Spousal Violence in a Confucian-Christian Context

This article was originally posted here.

Last Tuesday, Elizabeth Koepping gave a valedictory paper at the weekly World Christianity seminar here in the School of Divinity, University of Edinburgh.1  Prof. Brian Stanley responded to her paper by saying that it was ‘truly disturbing… in a good way’, in that it exposed the problem of spousal violence that exists amongst Christians, validated by the Bible, and often ignored or hidden by church leadership.  Her field and documentary research was conducted in multiple contexts: Taiwan, Australia, Ghana, etc. – and Scotland.  But the underlying reality was the same: domestic violence is pervasive, within and without the church.  Moreover, she suggested that theologically the church must reclaim the understanding of the Imago Dei in both man and woman in order to combat these atrocities.

With my personal interest in East Asia, one of the things I was particularly concerned with is how spousal violence is validated not only with the Bible, but with Confucianism. One of the quotes Elizabeth read which really highlighted this for me was from a Protestant woman in Taiwan, in 2006:

The church, like Chinese culture, teaches me to be gentle, sensitive: I cannot be angry if [he] hits me.

Clearly there is a hermeneutical problem if one can rationalise the Bible as legitimising spousal inequality and abuse.  But this is also very much explicitly found in the historical practices of Chinese culture, thanks to Confucianism.2 Take for instance this passage from Mengzi 孟子 3B.2:

At the marrying away of a young woman, her mother admonishes her, accompanying her to the door on her leaving, and cautioning her with these words, ‘You are going to your home. You must be respectful; you must be careful. Do not disobey your husband’

In a context like Taiwan, where Confucianism is both explicitly and implicitly taught, the hermeneutical problem becomes even more exacerbated by an additional contextual legitimisation.

I guess to take this another direction, theologically, what advantage is it that men and women are created in the image of God?  I would presume that church leaders of the Presbyterian church, the Roman Catholic church, and the True Jesus Church (the three groups in her field work), would all teach from Genesis 1:27, at one point or another.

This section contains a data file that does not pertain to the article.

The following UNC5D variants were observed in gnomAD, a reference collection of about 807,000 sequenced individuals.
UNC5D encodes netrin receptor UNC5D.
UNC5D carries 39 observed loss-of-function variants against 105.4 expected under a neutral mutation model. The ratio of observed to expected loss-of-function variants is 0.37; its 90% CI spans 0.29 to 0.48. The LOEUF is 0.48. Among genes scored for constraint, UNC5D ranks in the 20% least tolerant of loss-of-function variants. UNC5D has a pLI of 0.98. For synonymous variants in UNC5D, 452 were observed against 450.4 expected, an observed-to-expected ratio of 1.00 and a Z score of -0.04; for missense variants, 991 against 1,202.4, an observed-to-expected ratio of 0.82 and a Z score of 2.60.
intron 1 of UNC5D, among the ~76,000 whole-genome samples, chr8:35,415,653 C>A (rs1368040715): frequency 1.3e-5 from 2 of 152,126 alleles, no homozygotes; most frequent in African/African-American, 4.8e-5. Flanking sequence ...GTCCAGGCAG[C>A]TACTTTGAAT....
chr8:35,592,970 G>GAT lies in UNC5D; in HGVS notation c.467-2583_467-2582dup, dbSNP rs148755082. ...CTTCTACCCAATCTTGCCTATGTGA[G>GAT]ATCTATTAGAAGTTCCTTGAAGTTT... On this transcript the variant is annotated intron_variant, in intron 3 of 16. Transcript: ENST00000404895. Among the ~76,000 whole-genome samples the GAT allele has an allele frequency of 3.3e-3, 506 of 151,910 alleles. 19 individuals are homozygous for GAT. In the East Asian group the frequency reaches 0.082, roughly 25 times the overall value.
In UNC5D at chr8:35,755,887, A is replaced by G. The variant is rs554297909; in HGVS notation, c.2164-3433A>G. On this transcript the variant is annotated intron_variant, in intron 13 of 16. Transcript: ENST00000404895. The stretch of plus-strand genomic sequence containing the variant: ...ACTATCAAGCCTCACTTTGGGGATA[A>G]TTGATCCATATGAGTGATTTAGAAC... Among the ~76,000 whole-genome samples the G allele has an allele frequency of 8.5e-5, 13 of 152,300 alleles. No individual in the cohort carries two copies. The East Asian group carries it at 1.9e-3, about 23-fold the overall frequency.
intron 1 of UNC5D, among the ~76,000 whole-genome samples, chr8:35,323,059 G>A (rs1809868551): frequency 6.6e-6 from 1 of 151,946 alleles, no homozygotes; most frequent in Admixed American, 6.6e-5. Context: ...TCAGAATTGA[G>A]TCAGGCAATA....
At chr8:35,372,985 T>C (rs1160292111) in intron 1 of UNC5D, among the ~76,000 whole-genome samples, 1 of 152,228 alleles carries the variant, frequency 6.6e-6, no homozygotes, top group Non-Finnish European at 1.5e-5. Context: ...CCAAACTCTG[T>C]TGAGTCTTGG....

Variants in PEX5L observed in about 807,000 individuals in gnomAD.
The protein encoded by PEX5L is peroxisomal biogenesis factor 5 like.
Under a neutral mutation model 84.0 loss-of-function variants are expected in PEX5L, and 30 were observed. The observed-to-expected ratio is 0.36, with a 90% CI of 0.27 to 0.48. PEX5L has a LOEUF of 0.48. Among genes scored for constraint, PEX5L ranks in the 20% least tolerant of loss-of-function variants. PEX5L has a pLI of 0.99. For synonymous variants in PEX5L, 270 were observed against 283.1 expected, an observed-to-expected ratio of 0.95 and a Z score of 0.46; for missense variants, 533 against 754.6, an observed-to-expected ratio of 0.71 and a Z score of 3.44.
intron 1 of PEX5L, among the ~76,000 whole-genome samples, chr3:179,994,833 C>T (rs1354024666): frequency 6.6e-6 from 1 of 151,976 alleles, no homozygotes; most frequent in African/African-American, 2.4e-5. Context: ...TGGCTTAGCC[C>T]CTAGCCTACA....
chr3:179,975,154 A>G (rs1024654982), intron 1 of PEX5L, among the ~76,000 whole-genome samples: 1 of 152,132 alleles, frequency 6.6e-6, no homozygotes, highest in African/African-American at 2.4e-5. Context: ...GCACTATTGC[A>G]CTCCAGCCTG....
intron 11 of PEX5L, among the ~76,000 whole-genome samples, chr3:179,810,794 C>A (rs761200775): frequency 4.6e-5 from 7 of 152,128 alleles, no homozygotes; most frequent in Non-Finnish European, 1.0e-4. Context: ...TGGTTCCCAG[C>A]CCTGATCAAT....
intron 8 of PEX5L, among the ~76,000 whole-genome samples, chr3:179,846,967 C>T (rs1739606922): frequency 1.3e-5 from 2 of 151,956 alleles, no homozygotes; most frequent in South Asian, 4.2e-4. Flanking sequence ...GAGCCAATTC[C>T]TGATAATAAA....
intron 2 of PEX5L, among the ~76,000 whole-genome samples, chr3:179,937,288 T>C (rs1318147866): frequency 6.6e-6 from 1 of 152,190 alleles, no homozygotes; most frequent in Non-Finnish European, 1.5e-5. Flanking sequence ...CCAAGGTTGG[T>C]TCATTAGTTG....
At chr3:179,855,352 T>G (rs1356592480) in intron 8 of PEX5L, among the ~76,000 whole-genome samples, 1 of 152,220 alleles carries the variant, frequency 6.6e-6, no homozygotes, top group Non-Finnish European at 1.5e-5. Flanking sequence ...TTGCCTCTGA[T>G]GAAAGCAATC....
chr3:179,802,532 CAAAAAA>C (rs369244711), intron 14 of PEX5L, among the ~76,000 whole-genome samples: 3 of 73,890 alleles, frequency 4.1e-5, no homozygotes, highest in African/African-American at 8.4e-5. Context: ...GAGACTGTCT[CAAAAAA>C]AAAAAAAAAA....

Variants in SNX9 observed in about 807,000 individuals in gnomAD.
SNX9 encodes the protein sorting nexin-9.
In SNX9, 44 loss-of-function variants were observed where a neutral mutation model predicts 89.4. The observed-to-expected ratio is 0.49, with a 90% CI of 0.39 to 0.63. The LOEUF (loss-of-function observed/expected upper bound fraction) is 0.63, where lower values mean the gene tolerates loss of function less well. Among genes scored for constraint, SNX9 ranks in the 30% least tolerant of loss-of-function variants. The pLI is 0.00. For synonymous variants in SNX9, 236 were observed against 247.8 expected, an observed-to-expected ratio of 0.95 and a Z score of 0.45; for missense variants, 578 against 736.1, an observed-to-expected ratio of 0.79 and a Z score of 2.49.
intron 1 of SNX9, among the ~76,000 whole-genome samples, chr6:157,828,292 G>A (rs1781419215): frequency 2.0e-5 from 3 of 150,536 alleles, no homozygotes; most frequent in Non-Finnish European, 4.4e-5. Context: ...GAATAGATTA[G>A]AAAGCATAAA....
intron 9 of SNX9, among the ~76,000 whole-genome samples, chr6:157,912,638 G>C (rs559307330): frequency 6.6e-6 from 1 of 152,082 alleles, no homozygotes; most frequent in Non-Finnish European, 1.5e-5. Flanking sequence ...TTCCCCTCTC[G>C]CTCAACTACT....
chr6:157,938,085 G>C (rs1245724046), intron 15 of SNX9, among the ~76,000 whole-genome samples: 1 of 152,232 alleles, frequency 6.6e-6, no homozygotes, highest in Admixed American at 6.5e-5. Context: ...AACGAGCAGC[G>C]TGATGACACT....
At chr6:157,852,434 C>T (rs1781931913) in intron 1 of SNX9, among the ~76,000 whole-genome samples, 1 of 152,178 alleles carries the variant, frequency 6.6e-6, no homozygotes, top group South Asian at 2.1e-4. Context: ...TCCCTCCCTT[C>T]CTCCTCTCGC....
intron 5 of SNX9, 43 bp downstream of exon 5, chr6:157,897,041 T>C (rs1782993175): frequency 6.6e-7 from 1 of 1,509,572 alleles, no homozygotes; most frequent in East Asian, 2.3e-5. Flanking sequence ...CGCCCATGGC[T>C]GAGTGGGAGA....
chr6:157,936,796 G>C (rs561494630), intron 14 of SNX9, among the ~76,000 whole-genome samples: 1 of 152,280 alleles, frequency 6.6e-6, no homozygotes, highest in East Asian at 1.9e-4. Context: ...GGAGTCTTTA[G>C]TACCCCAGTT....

Yet a contextual theology which moves towards an integrated, hybridised Confucian-Christian faith must also reckon with this and address this head-on. Part of this may require, as Elizabeth recommended, a more careful reading of Ephesians 5 that emphasises a mutual submission to one another out of reverence to Christ (v.21).  Part of this may also require a more careful reading of Confucian texts like the writings of Dong Zhongshu 董仲舒 (179-104 BC)3 who has underscored a clarification of the Mengzi’s five relations with a balance of yin-yang 阴阳 dualities:

The relationships between ruler and subject, father and son, husband and wife, are all derived from the principles of the yin and yang.

Indeed, Elizabeth’s paper is truly disturbing, in a good way, and should challenge us to constructively think, feel and act – theologically, emotively, and practically.

  1. Somewhat related to her paper was one she published recently: Elizabeth Koepping, ‘Spousal Violence among Christians: Taiwan, South Australia and Ghana’, Studies in World Christianity 19.3 (Dec 2013): 252–270.  Available online
  2. See Li Chenyang, ed., The Sage and the Second Sex: Confucianism, Ethics, and Gender (La Salle, IL: Open Court, 2000). 
  3. Dong Zhongshu, Luxuriant Gems of the Spring and Autumn Annals, ch. 53, translated in Fung Yu-lan, A History of Chinese Philosophy, 2 vols., (Princeton, NJ: Princeton University Press, 1953), 2:42-43. See also Li Chenyang, ‘Jen and the Feminist Ethics of Care’, in Li Chenyang, ed., The Sage and the Second Sex, 36. 
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About Alexander Chow

Alexander Chow is a Chinese American, born and raised in Southern California. He completed his PhD in theology at the University of Birmingham, followed by a postdoctoral fellowship at Renmin University of China, where he was doing research in Chinese Christianity and teaching in the School of Liberal Arts, and joined the University of Edinburgh in September 2013. He is also co-director of the Centre for the Study of World Christianity and co-editor of Studies in World Christianity.

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